In a significant legal development, a Special Leave Petition (SLP) has been filed in the Supreme Court challenging the constitutional validity of the ‘Mukhya Mantri Annadoot Yojna’, a scheme introduced by the Government of Madhya Pradesh. The scheme has raised concerns due to its impact on the allotment of transportation work to unemployed individuals, displacing the previous tender-based system. This article provides an in-depth breakdown of the key arguments presented in the SLP.
Article 14: Discrimination and Eligibility Criteria
The heart of the petitioners’ challenge lies in the argument that the eligibility criteria of the scheme, which are based on age and place of residence, lack a rational connection to the nature of the work involved. This, they contend, results in unjustified discrimination and runs afoul of Article 14 of the Indian Constitution, which ensures equality before the law.
Article 19(1)(g) Violation: The Right to Business
Another fundamental argument center’s on the assertion that the scheme infringes upon the petitioners’ fundamental right to engage in their business of transportation work, as guaranteed by Article 19(1)(g) of the Constitution. The scheme’s impact on their ability to carry out their trade is a core concern for the petitioners.
Questioning Public Interest: Transparency and Allocation
The petitioners also raise a compelling challenge regarding the public interest aspect of the scheme. They contend that the alteration in the allocation process, veering away from a transparent tender process, places a heavier burden on the public exchequer. The absence of an open and competitive bidding process has led the petitioners to question the fairness and efficiency of the scheme.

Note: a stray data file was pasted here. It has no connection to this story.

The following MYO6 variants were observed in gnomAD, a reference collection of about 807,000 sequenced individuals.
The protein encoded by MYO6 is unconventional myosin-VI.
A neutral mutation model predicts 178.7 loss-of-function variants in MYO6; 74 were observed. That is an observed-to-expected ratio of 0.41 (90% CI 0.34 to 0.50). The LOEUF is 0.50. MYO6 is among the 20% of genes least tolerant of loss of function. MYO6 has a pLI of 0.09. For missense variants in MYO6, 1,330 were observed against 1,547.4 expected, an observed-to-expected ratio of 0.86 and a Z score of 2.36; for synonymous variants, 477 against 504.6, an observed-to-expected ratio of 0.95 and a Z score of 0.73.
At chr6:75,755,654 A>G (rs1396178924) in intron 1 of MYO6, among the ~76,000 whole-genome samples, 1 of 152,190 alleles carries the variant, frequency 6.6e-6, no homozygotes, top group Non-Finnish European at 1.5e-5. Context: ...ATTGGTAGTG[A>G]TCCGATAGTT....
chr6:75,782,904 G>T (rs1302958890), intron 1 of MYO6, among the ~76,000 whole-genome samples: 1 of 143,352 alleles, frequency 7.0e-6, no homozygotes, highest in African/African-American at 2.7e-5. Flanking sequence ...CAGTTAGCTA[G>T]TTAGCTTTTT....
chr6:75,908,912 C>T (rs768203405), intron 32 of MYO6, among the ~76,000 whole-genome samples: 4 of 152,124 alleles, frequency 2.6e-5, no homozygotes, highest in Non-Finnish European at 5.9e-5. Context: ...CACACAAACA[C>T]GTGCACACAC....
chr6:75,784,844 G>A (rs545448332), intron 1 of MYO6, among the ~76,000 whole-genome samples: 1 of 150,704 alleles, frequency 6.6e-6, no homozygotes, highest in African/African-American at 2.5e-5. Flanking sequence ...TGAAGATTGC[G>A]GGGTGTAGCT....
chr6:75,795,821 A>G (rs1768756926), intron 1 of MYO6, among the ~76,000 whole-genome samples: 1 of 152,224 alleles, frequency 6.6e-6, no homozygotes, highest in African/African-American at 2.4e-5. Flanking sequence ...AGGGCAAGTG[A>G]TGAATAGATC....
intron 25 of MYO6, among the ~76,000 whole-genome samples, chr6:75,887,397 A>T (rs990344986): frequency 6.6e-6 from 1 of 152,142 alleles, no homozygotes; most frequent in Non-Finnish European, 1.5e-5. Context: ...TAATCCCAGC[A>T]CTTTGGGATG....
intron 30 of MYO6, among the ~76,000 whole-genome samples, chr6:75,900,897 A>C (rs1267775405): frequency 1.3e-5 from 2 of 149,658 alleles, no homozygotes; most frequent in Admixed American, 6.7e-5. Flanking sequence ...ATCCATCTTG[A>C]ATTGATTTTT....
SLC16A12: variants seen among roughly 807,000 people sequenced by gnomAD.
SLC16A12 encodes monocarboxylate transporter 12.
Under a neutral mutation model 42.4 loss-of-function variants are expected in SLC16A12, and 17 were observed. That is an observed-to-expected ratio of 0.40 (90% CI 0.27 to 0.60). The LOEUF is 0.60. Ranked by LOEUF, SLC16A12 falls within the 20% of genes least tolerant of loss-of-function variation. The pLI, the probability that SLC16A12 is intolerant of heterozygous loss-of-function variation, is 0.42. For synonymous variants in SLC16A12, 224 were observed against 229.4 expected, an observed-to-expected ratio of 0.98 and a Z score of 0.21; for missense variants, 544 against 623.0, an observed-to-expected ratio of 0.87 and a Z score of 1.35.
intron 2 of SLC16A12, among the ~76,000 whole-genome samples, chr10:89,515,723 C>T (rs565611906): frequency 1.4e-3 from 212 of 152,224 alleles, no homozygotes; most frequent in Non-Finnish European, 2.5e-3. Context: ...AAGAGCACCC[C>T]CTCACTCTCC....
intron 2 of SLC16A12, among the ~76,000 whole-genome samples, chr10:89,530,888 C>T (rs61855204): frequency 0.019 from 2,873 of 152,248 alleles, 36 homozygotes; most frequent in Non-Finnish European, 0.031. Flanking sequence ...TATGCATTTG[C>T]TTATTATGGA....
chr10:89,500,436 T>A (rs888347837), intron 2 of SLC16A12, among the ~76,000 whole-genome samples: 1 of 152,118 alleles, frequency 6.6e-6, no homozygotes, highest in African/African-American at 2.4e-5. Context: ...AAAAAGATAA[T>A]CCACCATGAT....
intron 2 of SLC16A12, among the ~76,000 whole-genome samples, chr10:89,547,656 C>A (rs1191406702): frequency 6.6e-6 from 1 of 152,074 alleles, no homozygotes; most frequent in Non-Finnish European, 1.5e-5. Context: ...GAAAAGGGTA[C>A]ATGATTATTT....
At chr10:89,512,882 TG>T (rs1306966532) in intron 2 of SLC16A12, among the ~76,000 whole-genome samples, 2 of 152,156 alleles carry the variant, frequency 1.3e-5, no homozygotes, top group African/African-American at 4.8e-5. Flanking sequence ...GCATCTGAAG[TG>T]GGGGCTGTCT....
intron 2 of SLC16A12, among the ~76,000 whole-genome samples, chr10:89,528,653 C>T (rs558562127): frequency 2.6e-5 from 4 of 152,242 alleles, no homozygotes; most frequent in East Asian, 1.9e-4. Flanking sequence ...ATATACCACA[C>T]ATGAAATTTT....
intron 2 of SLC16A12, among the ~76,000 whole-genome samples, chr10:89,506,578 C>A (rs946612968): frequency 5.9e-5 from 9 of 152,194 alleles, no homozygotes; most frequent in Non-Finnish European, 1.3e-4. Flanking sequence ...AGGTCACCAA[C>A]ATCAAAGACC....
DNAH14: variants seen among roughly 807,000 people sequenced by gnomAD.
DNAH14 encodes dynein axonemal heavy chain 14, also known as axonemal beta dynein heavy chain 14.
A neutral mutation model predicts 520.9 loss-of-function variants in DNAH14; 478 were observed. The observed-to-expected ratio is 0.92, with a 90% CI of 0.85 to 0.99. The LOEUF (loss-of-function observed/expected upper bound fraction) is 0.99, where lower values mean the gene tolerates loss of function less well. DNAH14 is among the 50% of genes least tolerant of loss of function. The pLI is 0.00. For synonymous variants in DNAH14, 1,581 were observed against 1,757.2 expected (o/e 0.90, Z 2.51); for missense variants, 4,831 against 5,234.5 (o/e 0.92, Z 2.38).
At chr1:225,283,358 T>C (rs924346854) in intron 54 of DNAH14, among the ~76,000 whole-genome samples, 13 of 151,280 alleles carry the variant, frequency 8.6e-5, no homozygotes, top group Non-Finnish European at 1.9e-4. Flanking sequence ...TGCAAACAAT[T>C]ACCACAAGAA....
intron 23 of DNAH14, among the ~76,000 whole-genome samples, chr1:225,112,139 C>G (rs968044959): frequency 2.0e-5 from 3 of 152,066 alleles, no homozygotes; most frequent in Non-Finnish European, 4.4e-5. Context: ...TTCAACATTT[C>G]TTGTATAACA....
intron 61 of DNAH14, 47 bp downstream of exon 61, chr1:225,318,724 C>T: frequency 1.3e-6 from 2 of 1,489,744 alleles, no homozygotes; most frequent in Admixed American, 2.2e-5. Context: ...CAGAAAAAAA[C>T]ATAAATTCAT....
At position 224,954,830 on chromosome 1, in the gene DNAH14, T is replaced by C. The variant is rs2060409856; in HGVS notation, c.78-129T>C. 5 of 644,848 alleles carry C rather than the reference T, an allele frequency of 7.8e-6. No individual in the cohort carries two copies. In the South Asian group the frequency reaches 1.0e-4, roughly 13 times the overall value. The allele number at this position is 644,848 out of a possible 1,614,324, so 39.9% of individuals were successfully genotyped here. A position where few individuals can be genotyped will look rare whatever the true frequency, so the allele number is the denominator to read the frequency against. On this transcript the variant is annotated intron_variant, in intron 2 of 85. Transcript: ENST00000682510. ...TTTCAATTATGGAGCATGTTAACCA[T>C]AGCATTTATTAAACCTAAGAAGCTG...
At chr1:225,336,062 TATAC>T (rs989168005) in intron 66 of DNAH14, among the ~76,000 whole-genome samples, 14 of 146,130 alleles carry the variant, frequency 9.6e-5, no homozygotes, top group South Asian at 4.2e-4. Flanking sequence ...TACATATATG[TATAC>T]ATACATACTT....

High Court’s Dismissal: Constitutional Scrutiny Denied
The backdrop of the SLP includes the dismissal of the petitioners’ Writ Petitions by the High Court of Madhya Pradesh at Indore. The petitioners claim that their pleas were summarily dismissed without due consideration of the constitutional validity of the scheme. They assert that the High Court’s decision to categorize the scheme as a policy decision beyond judicial review undermines the constitutional framework.
Supreme Court’s Notice: Seeking Constitutional Clarity
The Supreme Court’s issuance of notice in response to the SLP underscores its commitment to upholding the principles of the Indian Constitution and ensuring that government actions are in line with legal and constitutional norms. The Court’s impending review of the arguments will shed light on the delicate balance between policy decisions and their constitutionality, offering guidance on the broader implications of such schemes and their potential impact on citizens’ rights and public interest.
Case Title: M/S OM SAI TRANSPORT SERVICES & ORS ETC v. THE STATE OF MADHYA PRADESH & ORS